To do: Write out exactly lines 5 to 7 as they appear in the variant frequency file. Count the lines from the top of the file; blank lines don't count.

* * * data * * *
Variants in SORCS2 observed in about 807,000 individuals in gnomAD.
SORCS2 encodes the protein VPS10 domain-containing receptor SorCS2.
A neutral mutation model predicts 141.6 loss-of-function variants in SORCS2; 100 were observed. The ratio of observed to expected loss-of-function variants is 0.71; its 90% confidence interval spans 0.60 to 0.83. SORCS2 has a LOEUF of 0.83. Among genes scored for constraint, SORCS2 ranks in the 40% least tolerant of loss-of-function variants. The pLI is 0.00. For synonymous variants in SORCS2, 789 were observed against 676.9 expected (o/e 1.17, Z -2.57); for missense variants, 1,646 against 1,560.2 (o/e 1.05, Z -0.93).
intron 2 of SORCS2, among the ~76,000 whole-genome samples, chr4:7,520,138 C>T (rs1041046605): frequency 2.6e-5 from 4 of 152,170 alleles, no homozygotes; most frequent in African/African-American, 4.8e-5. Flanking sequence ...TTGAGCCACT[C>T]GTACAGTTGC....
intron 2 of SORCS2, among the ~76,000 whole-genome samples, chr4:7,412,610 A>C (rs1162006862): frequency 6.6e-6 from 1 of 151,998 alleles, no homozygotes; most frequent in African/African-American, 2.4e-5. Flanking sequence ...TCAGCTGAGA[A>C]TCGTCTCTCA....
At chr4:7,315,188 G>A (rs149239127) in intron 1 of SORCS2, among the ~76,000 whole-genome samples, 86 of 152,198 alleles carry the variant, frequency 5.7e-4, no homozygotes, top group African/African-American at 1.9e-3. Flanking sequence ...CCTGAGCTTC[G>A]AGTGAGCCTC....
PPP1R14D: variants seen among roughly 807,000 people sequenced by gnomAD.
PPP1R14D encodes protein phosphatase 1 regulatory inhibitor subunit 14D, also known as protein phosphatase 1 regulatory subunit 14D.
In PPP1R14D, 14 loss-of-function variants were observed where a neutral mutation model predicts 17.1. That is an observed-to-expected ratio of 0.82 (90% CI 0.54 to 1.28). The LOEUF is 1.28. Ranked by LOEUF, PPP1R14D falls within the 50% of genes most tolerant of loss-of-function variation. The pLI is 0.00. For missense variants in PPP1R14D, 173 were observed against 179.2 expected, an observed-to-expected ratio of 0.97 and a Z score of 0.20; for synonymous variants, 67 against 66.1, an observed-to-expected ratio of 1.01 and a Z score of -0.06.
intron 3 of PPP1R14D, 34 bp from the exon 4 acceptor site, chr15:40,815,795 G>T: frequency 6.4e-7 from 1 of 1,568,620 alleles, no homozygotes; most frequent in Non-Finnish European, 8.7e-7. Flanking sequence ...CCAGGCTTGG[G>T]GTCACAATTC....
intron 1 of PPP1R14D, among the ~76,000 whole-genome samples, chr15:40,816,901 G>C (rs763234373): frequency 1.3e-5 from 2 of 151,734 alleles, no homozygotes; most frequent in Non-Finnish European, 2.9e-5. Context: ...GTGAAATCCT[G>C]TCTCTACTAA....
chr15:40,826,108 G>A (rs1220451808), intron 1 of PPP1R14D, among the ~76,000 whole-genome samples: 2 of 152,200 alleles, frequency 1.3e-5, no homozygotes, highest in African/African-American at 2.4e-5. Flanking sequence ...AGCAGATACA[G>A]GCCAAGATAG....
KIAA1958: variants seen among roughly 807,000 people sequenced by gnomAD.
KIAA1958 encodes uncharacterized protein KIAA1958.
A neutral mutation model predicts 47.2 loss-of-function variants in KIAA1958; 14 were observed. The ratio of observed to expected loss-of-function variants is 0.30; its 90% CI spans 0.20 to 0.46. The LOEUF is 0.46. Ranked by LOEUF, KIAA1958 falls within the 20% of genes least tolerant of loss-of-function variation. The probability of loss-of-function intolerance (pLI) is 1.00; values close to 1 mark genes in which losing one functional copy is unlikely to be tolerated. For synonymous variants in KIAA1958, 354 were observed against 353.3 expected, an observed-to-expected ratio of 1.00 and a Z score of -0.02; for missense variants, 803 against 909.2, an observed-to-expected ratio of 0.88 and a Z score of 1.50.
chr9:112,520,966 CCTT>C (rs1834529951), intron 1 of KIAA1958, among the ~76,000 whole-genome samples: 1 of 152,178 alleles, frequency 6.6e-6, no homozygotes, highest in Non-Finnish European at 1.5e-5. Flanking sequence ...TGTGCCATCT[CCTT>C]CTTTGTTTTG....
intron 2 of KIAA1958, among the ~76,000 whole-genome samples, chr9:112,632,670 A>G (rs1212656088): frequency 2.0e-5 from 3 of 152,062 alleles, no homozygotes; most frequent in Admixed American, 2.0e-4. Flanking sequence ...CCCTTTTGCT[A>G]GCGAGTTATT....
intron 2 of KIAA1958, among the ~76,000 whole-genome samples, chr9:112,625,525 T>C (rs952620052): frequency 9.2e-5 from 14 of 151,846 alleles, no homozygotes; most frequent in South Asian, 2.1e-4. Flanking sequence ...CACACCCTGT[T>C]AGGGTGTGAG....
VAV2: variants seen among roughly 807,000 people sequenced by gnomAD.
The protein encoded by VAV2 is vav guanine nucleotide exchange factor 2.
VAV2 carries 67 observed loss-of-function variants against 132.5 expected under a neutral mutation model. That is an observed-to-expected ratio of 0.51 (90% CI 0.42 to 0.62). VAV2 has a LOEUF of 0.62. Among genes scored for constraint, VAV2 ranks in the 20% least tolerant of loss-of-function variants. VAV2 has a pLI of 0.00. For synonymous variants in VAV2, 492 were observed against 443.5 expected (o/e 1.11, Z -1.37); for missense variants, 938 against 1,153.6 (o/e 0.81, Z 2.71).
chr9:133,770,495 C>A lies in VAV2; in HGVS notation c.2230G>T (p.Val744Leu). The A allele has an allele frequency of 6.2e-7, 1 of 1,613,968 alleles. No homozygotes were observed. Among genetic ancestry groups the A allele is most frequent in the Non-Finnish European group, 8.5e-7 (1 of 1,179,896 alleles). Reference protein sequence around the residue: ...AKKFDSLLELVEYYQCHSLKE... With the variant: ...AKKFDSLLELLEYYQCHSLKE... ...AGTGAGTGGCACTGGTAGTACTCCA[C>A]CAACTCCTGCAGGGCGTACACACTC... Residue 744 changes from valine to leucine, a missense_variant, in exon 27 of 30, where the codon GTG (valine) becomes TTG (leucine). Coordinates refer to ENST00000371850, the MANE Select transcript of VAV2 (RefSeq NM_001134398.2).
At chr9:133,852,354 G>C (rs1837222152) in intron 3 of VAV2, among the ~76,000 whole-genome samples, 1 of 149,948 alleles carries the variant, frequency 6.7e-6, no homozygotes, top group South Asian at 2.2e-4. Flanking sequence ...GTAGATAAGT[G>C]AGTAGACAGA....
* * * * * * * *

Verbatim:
intron 2 of SORCS2, among the ~76,000 whole-genome samples, chr4:7,412,610 A>C (rs1162006862): frequency 6.6e-6 from 1 of 151,998 alleles, no homozygotes; most frequent in African/African-American, 2.4e-5. Flanking sequence ...TCAGCTGAGA[A>C]TCGTCTCTCA....
At chr4:7,315,188 G>A (rs149239127) in intron 1 of SORCS2, among the ~76,000 whole-genome samples, 86 of 152,198 alleles carry the variant, frequency 5.7e-4, no homozygotes, top group African/African-American at 1.9e-3. Flanking sequence ...CCTGAGCTTC[G>A]AGTGAGCCTC....
PPP1R14D: variants seen among roughly 807,000 people sequenced by gnomAD.